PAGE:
September 16, 2023

Classic Toei samurai shows

Abarenbo Shogun ("The Unfettered Shogun") ran for 831 episodes between 1978 and 2008, placing it third behind Zenigata Heiji and Mito Komon. Over a four-decade long run, Mito Komon reached a staggering 1,227 episodes, the record for a Japanese period drama.

Abarenbo Shogun and Mito Komon share the same premise: a high Tokugawa official dons a disguise and mingles among the commoners to deliver rough justice to the bad guys. As the title makes clear, in Abarenbo Shogun, the official is the shogun himself.

Ken Matsudaira played Tokugawa Yoshimune for the entire series while five actors took on the lead role as Tokugawa Mitsukuni on Mito Komon.

As governor of Mito, the maverick Mitsukuni laid the groundwork that eventually led to the domain playing a key role in the Meiji Restoration a hundred and fifty years later. The equally impressive Yoshimune is ranked among the best of the Tokugawa shoguns.

The first episode of Abarenbo Shogun introduces another historical character, the respected Ooka Tadasuke, who was appointed by Yoshimune. As an Edo period magistrate, he functioned as both the chief of police and the presiding judge.

The series has Yoshimune using the residence of an old firefighter friend as his base of operations. It's a perfect setup for an action-oriented police procedural. With decent scripts, acting, and directing, it's easy to see why it lasted so long.

The Toei Jidaigeki channel has the first two subtitled episodes of Abarenbo Shogun. The channel includes sample shows from other classic samurai series, including Sonny Chiba's Yagyu Abaretabi and Shadow Warriors.

In Shadow Warriors, Chiba is the laid-back owner of a bathhouse in Edo. But that's a cover for his real job as a secret agent for the shogunate. In each of the five seasons, he returns as a different descendent of the Iga ninja Hattori Hanzo, a role he reprised for Kill Bill.

Yagyu Abaretabi, by contrast, is a road movie. Chiba again plays a historical figure, Yagyu Jubei. His brother is an inspector on the famed Tokai Highway. Chiba and his band of ninjas tag along as his bodyguards. It's another great premise for an ongoing series.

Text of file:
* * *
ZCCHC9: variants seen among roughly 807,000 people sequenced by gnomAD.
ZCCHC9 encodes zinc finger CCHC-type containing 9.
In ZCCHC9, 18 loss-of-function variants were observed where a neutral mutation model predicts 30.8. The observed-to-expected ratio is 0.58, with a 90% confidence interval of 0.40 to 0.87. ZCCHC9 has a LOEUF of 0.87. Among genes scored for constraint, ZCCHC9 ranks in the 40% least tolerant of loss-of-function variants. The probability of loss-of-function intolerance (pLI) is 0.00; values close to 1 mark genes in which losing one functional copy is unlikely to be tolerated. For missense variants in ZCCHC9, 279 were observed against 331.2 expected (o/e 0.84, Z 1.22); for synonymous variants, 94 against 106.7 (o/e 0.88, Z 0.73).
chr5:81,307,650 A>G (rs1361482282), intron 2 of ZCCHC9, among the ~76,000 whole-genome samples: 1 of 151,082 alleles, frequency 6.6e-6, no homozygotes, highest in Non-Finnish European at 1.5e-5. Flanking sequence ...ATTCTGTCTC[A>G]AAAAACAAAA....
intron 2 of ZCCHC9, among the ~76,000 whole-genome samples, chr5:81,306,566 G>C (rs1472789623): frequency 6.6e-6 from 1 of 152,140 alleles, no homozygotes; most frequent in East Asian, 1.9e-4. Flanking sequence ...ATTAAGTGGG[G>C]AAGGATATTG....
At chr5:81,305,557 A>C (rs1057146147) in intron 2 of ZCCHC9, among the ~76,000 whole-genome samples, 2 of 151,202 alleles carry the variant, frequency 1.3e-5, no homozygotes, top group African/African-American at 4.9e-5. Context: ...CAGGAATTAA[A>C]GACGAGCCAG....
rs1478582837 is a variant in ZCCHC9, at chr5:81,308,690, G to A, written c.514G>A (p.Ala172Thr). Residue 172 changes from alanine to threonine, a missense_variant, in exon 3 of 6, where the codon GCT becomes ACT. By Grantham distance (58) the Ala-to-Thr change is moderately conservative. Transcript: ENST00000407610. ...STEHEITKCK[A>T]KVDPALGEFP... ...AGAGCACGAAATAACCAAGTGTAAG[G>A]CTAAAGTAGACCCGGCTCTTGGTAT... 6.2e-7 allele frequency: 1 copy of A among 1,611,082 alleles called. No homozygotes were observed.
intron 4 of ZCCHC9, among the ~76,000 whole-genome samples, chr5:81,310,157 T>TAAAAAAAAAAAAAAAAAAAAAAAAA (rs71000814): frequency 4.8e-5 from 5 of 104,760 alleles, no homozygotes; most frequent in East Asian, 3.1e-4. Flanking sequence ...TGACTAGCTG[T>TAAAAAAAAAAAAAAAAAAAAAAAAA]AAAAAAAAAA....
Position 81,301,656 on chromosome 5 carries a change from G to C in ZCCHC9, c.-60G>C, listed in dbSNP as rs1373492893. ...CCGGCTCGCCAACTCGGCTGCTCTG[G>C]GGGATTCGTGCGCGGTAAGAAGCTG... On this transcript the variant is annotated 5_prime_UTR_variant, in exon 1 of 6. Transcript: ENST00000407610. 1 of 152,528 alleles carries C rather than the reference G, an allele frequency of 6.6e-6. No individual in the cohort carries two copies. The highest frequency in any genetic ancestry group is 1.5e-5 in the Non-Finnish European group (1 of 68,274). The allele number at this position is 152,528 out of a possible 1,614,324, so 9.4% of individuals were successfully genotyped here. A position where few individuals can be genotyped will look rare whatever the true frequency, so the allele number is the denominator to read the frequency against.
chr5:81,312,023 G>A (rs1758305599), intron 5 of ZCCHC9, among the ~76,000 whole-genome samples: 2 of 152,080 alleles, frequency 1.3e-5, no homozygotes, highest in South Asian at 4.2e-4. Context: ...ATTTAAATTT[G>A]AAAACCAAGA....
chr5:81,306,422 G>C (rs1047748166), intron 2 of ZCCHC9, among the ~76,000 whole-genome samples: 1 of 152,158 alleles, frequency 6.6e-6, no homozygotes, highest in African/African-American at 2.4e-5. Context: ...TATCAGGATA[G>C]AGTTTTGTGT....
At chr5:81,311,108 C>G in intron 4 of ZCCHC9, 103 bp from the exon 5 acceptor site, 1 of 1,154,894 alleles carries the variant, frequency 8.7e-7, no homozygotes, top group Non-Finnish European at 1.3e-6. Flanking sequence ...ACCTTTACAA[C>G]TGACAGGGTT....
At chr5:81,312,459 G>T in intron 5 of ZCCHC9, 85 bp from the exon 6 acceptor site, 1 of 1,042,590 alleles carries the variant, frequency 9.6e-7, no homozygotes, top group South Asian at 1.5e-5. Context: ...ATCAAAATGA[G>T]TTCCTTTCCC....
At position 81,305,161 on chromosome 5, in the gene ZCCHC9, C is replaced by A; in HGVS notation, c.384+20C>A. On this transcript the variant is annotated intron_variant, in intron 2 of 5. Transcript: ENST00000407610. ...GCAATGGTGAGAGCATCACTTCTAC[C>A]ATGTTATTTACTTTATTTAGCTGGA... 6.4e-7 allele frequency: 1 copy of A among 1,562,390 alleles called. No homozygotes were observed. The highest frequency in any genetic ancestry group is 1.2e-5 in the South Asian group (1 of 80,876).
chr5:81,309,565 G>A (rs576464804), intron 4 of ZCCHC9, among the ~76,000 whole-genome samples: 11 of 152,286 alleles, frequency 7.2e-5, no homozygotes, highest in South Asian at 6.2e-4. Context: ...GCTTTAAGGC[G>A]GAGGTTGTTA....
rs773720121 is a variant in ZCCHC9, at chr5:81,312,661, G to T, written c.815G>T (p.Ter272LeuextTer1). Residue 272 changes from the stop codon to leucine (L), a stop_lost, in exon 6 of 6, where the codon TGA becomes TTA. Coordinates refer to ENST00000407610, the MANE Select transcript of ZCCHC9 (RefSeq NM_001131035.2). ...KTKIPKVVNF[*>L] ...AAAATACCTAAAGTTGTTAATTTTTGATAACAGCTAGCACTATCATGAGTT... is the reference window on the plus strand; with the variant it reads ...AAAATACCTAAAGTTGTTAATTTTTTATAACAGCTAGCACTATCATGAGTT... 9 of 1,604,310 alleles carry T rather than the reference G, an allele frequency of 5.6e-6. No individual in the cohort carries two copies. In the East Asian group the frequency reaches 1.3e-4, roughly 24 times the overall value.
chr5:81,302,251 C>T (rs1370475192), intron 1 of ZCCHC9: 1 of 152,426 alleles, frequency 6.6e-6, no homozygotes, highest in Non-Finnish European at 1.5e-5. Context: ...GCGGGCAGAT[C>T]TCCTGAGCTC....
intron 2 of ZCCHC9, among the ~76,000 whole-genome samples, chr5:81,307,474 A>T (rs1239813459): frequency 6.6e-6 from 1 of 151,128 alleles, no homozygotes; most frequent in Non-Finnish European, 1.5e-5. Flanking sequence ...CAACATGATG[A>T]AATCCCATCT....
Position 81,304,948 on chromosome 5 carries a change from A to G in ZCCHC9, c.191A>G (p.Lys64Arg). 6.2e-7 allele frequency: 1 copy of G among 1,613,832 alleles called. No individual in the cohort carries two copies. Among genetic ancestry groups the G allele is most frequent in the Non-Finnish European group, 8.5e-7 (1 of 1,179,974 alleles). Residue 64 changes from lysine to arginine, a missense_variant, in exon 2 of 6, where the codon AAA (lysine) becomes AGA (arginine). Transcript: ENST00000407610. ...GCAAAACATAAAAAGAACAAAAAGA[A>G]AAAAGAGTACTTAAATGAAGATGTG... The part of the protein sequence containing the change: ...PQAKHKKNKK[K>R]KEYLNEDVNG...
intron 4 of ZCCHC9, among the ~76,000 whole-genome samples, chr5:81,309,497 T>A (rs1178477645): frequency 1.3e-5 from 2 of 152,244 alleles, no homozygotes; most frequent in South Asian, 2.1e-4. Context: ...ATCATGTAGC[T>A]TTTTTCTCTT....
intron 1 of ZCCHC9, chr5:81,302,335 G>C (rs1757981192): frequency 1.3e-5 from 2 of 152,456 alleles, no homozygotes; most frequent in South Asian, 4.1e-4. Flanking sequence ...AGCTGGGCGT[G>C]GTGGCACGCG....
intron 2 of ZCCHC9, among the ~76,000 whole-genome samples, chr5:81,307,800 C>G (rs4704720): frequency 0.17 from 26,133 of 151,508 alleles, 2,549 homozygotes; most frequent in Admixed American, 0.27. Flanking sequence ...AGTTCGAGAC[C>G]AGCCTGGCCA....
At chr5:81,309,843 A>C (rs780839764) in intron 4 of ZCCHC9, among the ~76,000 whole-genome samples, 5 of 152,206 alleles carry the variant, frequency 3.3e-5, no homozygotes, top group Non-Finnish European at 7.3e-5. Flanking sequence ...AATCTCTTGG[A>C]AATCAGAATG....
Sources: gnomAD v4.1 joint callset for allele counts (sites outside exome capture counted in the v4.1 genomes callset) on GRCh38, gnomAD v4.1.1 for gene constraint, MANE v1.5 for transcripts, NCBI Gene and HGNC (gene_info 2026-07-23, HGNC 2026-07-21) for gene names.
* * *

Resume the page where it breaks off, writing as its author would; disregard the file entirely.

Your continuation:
The Toei Jidaigeki channel includes the 1972 remake of the acclaimed Kutsukake Tokijiro, an Edo period yakuza redemption drama. But also in the mix are several martial arts and tokusatsu series that put the low in low budget. Production quality is all over the place.

The first season of Shadow Warriors is on Tubi. The movie Uzumasa Limelight looks at the genre from the perspective of a sword stuntman who has difficulty finding work after spending his entire career on a period drama like Mito Komon.

Samurai dramas were once as dominate on Japanese television as Westerns were on American television. Incidentally, Rawhide (1959–1965), the series that made Clint Eastwood a star, was a big hit in Japan at the time.

Especially with Shadow Warriors, be forewarned that broadcast standards during the 1970s and 1980s in Japan were not as stringent as those in North America. On the other hand, "golden time" shows like Abarenbo Shogun and Mito Komon remained more family friendly.

Related links

Toei Jidaigeki channel
Uzumasa Limelight
Shadow Warriors

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